How to be a Man: Appearance

In the next week or two I’m going to be posting up bits and pieces of my research.

These notes are not comprehensive and they are not necessarily an expression of my views and opinions, they are simply an overview of what I have found to be the running themes in the discussions of How to be a Man.

So first off…

Appearance

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In the course of my research appearance has popped up a lot. There are some more prescriptive versions and some more analytical looks at the topic.

One thing that is in there all the time is exercise. If you are a man and wish to be considered one by your peers, it is important that you exercise in some way shape or form.

The prescriptive versions range from the very specific to the fairly vague. The more specific include things such as how to polish your shoes, iron your clothes and tie your tie (I genuinely had no idea that there was more than one way), as well as different hem lengths for trousers and various ways to fold a pocket square. The vaguer ones include simple things such as, your clothes should fit you (always good advice).

The general consensus however seems to be that appearance is an important part of being a man. Will Arnett says in the introduction to ‘Mansome’, “…no being afraid to take care because if you don’t take care of how you look, you’re a boy.”

The main point that seems to be ever present in discussions about manly appearance is that appearance is the only way of expressing masculinity that is left. There is also an argument that, in the past masculinity was constructed by morality and now it is physicality that constructs masculinity.

One example that seems to support this is the resurgence of beards and facial hair, it’s been argued that to express their masculinity men retreat to body issues that differentiate them from women and facial hair tends to be something that men can do that women don’t.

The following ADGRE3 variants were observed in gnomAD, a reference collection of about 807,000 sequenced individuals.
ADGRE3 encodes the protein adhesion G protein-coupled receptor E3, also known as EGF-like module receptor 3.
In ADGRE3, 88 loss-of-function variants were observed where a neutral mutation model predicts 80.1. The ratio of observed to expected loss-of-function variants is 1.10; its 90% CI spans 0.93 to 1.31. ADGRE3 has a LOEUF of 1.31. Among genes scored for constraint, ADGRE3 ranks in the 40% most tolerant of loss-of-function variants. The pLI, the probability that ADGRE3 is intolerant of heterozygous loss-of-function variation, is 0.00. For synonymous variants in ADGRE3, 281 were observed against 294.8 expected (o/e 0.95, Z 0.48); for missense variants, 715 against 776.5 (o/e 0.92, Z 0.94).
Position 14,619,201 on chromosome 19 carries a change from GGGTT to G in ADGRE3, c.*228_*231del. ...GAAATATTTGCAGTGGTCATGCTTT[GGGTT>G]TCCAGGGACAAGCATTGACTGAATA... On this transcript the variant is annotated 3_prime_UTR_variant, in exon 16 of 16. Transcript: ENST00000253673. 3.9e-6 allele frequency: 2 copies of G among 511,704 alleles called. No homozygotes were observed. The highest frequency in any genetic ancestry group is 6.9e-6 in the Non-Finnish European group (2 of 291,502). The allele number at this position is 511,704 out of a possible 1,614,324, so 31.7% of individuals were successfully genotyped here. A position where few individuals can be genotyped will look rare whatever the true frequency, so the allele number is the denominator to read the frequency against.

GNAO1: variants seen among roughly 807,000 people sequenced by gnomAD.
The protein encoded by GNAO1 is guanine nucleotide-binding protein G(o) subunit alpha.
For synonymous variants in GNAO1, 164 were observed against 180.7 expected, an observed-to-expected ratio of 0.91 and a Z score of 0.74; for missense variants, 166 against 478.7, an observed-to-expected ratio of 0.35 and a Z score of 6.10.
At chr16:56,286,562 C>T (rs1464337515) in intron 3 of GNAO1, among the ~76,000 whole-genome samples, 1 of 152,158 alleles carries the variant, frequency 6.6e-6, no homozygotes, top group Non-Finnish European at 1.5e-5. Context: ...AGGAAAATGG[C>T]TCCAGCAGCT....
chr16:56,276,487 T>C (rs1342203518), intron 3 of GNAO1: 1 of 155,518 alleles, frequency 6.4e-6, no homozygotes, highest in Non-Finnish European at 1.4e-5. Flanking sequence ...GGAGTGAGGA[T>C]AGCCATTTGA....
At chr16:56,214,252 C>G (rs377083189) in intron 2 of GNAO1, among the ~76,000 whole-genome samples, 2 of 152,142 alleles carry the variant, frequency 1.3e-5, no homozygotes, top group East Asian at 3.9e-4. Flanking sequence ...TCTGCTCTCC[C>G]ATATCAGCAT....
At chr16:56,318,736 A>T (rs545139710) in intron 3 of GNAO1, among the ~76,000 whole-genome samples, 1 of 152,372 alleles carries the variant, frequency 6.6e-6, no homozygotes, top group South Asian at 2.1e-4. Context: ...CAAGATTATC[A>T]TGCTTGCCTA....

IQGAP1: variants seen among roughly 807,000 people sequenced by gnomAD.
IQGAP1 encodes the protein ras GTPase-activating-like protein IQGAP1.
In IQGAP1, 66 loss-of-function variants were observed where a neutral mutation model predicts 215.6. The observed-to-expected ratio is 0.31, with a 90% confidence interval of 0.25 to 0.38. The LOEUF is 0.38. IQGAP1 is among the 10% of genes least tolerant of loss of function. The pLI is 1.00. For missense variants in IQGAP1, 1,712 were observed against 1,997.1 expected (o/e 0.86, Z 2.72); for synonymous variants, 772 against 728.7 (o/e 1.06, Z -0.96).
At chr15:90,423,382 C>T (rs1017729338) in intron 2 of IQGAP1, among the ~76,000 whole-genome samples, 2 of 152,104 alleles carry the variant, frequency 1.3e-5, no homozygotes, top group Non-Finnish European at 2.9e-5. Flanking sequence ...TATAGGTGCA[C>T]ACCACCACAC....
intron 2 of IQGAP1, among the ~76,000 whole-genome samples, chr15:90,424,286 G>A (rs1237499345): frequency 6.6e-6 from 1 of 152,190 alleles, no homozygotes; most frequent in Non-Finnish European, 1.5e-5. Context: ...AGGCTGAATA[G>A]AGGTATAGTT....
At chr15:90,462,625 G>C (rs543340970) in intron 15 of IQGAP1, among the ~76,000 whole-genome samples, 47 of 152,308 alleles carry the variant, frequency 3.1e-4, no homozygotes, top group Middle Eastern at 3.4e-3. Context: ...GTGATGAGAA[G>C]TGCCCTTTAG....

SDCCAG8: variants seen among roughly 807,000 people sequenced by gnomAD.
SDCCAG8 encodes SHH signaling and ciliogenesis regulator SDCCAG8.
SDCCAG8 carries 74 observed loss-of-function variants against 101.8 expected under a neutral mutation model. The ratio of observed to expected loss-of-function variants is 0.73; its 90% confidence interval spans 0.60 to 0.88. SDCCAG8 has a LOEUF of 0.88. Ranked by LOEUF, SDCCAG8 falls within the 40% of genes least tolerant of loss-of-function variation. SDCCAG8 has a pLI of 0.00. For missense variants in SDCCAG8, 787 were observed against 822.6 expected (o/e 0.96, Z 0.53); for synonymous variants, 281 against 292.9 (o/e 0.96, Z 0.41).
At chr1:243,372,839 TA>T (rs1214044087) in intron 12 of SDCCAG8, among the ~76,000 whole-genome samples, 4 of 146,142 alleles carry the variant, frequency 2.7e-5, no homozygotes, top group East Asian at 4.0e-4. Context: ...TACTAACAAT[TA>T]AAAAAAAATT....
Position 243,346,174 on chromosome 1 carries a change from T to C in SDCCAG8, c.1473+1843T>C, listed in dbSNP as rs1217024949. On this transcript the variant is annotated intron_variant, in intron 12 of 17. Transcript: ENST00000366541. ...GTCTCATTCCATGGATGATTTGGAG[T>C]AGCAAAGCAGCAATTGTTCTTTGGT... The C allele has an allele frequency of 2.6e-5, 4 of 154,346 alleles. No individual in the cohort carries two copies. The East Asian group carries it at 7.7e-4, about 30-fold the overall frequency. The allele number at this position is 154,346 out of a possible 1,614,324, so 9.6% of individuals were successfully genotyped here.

An argument against this idea that masculinity has moved away from a moral construction to a physical one is the Adonis complex. It is seen in Michael Angelo’s David, in The Vetruvian Man, in depictions of Man throughout history, Man has been rippling with muscles, tall and chiselled (hah, pun). Man is expected to look like a Greek God, in the same way that Woman is supposed to look a certain way. The appearance of man has always been important in the definition of what a man is and therefore how to be a man.

Whether or not there has been a shift, or whether it’s been there all along, how to be a man, and how to look like a Man seem to go hand in hand.

So that is appearance. Next time I’ll be looking at something else. You thought I’d tell you, but that would spoil the surprise and involve to much of a commitment on my part.

I’ll leave you with this…

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